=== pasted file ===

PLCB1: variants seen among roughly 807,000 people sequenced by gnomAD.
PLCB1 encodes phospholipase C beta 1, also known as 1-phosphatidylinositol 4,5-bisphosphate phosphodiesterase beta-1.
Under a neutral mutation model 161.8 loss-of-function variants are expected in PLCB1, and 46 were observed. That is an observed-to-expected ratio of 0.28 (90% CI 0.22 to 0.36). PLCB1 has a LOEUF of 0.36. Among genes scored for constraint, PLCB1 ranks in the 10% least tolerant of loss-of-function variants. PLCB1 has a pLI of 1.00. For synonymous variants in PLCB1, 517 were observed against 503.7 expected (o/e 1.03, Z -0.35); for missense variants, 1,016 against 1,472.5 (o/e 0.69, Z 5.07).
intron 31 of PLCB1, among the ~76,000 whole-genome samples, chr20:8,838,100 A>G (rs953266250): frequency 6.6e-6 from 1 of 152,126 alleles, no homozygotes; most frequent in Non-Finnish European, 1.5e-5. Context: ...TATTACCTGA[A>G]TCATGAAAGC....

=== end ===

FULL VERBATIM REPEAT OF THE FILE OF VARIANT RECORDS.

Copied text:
PLCB1: variants seen among roughly 807,000 people sequenced by gnomAD.
PLCB1 encodes phospholipase C beta 1, also known as 1-phosphatidylinositol 4,5-bisphosphate phosphodiesterase beta-1.
Under a neutral mutation model 161.8 loss-of-function variants are expected in PLCB1, and 46 were observed. That is an observed-to-expected ratio of 0.28 (90% CI 0.22 to 0.36). PLCB1 has a LOEUF of 0.36. Among genes scored for constraint, PLCB1 ranks in the 10% least tolerant of loss-of-function variants. PLCB1 has a pLI of 1.00. For synonymous variants in PLCB1, 517 were observed against 503.7 expected (o/e 1.03, Z -0.35); for missense variants, 1,016 against 1,472.5 (o/e 0.69, Z 5.07).
intron 31 of PLCB1, among the ~76,000 whole-genome samples, chr20:8,838,100 A>G (rs953266250): frequency 6.6e-6 from 1 of 152,126 alleles, no homozygotes; most frequent in Non-Finnish European, 1.5e-5. Context: ...TATTACCTGA[A>G]TCATGAAAGC....